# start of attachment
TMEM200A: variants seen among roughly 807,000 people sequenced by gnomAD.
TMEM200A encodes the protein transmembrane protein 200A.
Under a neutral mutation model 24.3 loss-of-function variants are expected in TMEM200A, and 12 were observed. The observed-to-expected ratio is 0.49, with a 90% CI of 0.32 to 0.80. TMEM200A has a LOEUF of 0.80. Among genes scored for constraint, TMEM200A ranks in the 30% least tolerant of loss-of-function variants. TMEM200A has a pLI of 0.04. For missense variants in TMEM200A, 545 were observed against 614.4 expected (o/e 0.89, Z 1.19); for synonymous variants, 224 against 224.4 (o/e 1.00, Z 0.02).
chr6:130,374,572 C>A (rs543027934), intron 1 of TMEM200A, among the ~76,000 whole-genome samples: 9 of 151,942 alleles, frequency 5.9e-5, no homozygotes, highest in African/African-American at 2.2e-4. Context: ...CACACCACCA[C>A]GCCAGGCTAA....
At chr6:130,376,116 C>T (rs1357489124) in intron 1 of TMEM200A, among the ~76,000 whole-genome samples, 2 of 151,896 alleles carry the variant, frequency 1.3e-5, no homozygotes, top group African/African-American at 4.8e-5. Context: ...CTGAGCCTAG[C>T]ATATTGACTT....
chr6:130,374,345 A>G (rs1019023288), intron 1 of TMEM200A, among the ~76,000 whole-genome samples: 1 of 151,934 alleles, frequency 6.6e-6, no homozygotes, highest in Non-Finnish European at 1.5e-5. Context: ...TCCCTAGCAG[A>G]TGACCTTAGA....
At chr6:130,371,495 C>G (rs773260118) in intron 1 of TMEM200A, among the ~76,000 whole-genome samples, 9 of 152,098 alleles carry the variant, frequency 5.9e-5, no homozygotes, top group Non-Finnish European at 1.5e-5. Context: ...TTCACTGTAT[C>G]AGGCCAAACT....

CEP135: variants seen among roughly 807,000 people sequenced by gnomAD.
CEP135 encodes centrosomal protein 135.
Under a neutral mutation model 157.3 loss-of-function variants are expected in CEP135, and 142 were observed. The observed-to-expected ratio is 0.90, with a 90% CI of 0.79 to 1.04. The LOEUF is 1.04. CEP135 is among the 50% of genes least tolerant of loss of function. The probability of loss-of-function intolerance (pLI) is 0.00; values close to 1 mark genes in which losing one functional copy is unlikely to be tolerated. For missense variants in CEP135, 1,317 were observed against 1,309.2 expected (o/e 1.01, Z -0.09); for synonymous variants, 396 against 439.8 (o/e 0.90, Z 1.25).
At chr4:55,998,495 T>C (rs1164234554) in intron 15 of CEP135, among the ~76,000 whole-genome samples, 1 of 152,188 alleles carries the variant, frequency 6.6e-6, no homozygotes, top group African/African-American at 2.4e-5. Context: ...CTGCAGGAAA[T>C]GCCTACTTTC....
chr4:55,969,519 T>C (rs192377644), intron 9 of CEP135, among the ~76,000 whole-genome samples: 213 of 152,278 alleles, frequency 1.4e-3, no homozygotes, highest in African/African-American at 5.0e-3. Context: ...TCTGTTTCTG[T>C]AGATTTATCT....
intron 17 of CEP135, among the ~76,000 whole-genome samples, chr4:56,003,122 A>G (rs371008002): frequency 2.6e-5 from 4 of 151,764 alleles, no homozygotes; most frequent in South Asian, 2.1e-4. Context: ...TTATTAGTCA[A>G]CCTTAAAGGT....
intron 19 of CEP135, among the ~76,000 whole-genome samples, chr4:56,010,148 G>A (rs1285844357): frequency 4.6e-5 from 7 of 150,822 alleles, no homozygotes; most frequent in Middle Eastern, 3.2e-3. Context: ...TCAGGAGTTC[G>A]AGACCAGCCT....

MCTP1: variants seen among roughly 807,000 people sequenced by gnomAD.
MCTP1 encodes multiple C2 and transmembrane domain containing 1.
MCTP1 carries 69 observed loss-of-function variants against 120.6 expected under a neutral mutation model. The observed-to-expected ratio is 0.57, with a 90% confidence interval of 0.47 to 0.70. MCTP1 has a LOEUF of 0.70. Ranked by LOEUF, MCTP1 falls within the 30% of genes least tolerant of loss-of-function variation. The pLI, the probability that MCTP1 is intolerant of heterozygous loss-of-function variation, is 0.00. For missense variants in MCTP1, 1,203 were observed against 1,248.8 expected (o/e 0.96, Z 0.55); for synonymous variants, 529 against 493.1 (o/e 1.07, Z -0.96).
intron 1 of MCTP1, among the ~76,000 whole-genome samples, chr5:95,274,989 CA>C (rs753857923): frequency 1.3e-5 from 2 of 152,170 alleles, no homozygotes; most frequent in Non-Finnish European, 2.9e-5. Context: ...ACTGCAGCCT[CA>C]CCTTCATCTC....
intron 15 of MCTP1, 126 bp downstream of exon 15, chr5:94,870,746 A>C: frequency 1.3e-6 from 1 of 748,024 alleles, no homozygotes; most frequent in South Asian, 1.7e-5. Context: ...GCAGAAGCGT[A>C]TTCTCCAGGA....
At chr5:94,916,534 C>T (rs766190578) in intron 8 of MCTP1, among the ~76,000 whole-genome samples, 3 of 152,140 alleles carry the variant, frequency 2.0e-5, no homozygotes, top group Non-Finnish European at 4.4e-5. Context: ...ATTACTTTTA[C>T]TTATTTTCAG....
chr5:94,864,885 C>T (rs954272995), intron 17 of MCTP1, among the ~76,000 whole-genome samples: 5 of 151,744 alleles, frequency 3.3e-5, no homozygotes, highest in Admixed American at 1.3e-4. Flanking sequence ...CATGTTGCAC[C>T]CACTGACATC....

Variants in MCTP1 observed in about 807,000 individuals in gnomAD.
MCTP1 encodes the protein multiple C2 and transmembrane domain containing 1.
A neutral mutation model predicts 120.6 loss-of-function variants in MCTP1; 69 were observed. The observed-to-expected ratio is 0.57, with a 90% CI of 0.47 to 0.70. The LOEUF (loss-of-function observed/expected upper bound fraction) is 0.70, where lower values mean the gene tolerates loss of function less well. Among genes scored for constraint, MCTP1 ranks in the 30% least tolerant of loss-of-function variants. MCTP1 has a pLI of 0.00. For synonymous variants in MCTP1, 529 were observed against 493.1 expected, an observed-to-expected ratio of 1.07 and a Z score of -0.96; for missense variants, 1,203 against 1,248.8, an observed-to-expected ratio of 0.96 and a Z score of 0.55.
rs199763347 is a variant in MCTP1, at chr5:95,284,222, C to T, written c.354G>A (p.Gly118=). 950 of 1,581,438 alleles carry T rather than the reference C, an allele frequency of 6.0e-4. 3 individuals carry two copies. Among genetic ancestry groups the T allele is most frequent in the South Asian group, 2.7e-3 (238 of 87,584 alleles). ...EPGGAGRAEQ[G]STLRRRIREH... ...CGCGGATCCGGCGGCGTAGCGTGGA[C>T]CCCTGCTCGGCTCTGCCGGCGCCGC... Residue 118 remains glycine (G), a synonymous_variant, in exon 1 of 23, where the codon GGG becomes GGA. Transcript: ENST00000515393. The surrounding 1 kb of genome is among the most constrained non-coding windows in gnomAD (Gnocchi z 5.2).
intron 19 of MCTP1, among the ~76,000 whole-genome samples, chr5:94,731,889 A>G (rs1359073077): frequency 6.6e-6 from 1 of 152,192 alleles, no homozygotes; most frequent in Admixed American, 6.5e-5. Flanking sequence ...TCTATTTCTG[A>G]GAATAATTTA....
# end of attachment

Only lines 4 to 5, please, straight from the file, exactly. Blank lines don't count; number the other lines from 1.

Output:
chr6:130,374,572 C>A (rs543027934), intron 1 of TMEM200A, among the ~76,000 whole-genome samples: 9 of 151,942 alleles, frequency 5.9e-5, no homozygotes, highest in African/African-American at 2.2e-4. Context: ...CACACCACCA[C>A]GCCAGGCTAA....
At chr6:130,376,116 C>T (rs1357489124) in intron 1 of TMEM200A, among the ~76,000 whole-genome samples, 2 of 151,896 alleles carry the variant, frequency 1.3e-5, no homozygotes, top group African/African-American at 4.8e-5. Context: ...CTGAGCCTAG[C>T]ATATTGACTT....